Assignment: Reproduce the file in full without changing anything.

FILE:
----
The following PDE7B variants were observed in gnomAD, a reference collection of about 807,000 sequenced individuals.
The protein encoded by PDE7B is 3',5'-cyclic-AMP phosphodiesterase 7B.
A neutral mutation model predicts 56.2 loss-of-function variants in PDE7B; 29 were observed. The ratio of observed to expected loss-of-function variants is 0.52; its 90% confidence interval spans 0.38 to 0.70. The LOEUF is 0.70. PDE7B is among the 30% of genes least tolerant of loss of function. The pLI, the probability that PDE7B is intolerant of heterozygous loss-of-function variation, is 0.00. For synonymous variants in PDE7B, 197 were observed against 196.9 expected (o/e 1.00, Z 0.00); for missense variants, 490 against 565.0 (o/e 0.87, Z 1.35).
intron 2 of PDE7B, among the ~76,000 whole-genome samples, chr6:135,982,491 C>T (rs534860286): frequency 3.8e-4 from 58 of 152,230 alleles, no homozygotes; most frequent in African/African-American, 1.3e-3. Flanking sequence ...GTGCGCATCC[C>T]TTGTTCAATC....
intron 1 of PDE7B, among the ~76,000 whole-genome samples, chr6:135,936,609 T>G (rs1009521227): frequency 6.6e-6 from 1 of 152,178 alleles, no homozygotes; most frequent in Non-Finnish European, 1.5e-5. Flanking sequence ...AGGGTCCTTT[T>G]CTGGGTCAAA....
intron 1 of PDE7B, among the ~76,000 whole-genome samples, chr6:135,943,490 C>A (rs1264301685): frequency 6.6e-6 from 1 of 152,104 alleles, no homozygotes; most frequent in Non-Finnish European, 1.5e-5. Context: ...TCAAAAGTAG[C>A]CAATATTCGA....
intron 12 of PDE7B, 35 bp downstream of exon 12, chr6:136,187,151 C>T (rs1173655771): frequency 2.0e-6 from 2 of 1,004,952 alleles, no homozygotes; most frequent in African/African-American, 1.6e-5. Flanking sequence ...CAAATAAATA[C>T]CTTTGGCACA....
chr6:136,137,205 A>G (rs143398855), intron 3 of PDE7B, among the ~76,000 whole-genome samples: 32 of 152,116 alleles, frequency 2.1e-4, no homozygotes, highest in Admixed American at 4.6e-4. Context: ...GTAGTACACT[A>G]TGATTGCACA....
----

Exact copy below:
The following PDE7B variants were observed in gnomAD, a reference collection of about 807,000 sequenced individuals.
The protein encoded by PDE7B is 3',5'-cyclic-AMP phosphodiesterase 7B.
A neutral mutation model predicts 56.2 loss-of-function variants in PDE7B; 29 were observed. The ratio of observed to expected loss-of-function variants is 0.52; its 90% confidence interval spans 0.38 to 0.70. The LOEUF is 0.70. PDE7B is among the 30% of genes least tolerant of loss of function. The pLI, the probability that PDE7B is intolerant of heterozygous loss-of-function variation, is 0.00. For synonymous variants in PDE7B, 197 were observed against 196.9 expected (o/e 1.00, Z 0.00); for missense variants, 490 against 565.0 (o/e 0.87, Z 1.35).
intron 2 of PDE7B, among the ~76,000 whole-genome samples, chr6:135,982,491 C>T (rs534860286): frequency 3.8e-4 from 58 of 152,230 alleles, no homozygotes; most frequent in African/African-American, 1.3e-3. Flanking sequence ...GTGCGCATCC[C>T]TTGTTCAATC....
intron 1 of PDE7B, among the ~76,000 whole-genome samples, chr6:135,936,609 T>G (rs1009521227): frequency 6.6e-6 from 1 of 152,178 alleles, no homozygotes; most frequent in Non-Finnish European, 1.5e-5. Flanking sequence ...AGGGTCCTTT[T>G]CTGGGTCAAA....
intron 1 of PDE7B, among the ~76,000 whole-genome samples, chr6:135,943,490 C>A (rs1264301685): frequency 6.6e-6 from 1 of 152,104 alleles, no homozygotes; most frequent in Non-Finnish European, 1.5e-5. Context: ...TCAAAAGTAG[C>A]CAATATTCGA....
intron 12 of PDE7B, 35 bp downstream of exon 12, chr6:136,187,151 C>T (rs1173655771): frequency 2.0e-6 from 2 of 1,004,952 alleles, no homozygotes; most frequent in African/African-American, 1.6e-5. Flanking sequence ...CAAATAAATA[C>T]CTTTGGCACA....
chr6:136,137,205 A>G (rs143398855), intron 3 of PDE7B, among the ~76,000 whole-genome samples: 32 of 152,116 alleles, frequency 2.1e-4, no homozygotes, highest in Admixed American at 4.6e-4. Context: ...GTAGTACACT[A>G]TGATTGCACA....